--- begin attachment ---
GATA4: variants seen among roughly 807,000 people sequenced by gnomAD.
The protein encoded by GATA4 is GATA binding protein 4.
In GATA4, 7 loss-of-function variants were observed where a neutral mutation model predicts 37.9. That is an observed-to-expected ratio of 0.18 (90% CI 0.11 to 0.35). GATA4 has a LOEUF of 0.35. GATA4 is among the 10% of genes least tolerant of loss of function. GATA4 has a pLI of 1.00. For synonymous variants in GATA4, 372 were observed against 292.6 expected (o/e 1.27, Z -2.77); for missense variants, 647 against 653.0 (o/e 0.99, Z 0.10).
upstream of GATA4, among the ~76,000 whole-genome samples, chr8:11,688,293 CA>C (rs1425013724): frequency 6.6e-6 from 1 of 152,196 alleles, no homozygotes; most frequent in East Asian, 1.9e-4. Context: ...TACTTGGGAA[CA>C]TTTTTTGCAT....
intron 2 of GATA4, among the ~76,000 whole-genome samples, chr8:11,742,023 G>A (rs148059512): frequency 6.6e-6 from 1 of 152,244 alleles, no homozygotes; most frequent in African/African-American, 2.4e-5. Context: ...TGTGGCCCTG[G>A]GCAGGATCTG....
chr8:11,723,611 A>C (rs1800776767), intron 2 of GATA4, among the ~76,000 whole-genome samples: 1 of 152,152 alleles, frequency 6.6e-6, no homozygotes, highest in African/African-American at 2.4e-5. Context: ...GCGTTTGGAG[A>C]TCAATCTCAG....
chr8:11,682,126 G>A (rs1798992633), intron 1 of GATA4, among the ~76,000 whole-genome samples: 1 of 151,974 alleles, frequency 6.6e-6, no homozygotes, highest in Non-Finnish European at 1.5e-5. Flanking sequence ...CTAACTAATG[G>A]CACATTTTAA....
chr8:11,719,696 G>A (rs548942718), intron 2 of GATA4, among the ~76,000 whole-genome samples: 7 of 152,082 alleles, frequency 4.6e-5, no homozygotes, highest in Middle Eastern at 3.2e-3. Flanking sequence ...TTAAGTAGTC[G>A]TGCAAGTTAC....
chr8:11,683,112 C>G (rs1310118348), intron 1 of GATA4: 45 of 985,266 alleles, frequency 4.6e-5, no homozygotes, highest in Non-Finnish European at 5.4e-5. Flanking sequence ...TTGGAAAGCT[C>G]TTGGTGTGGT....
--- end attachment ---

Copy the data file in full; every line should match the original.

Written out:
GATA4: variants seen among roughly 807,000 people sequenced by gnomAD.
The protein encoded by GATA4 is GATA binding protein 4.
In GATA4, 7 loss-of-function variants were observed where a neutral mutation model predicts 37.9. That is an observed-to-expected ratio of 0.18 (90% CI 0.11 to 0.35). GATA4 has a LOEUF of 0.35. GATA4 is among the 10% of genes least tolerant of loss of function. GATA4 has a pLI of 1.00. For synonymous variants in GATA4, 372 were observed against 292.6 expected (o/e 1.27, Z -2.77); for missense variants, 647 against 653.0 (o/e 0.99, Z 0.10).
upstream of GATA4, among the ~76,000 whole-genome samples, chr8:11,688,293 CA>C (rs1425013724): frequency 6.6e-6 from 1 of 152,196 alleles, no homozygotes; most frequent in East Asian, 1.9e-4. Context: ...TACTTGGGAA[CA>C]TTTTTTGCAT....
intron 2 of GATA4, among the ~76,000 whole-genome samples, chr8:11,742,023 G>A (rs148059512): frequency 6.6e-6 from 1 of 152,244 alleles, no homozygotes; most frequent in African/African-American, 2.4e-5. Context: ...TGTGGCCCTG[G>A]GCAGGATCTG....
chr8:11,723,611 A>C (rs1800776767), intron 2 of GATA4, among the ~76,000 whole-genome samples: 1 of 152,152 alleles, frequency 6.6e-6, no homozygotes, highest in African/African-American at 2.4e-5. Context: ...GCGTTTGGAG[A>C]TCAATCTCAG....
chr8:11,682,126 G>A (rs1798992633), intron 1 of GATA4, among the ~76,000 whole-genome samples: 1 of 151,974 alleles, frequency 6.6e-6, no homozygotes, highest in Non-Finnish European at 1.5e-5. Flanking sequence ...CTAACTAATG[G>A]CACATTTTAA....
chr8:11,719,696 G>A (rs548942718), intron 2 of GATA4, among the ~76,000 whole-genome samples: 7 of 152,082 alleles, frequency 4.6e-5, no homozygotes, highest in Middle Eastern at 3.2e-3. Flanking sequence ...TTAAGTAGTC[G>A]TGCAAGTTAC....
chr8:11,683,112 C>G (rs1310118348), intron 1 of GATA4: 45 of 985,266 alleles, frequency 4.6e-5, no homozygotes, highest in Non-Finnish European at 5.4e-5. Flanking sequence ...TTGGAAAGCT[C>G]TTGGTGTGGT....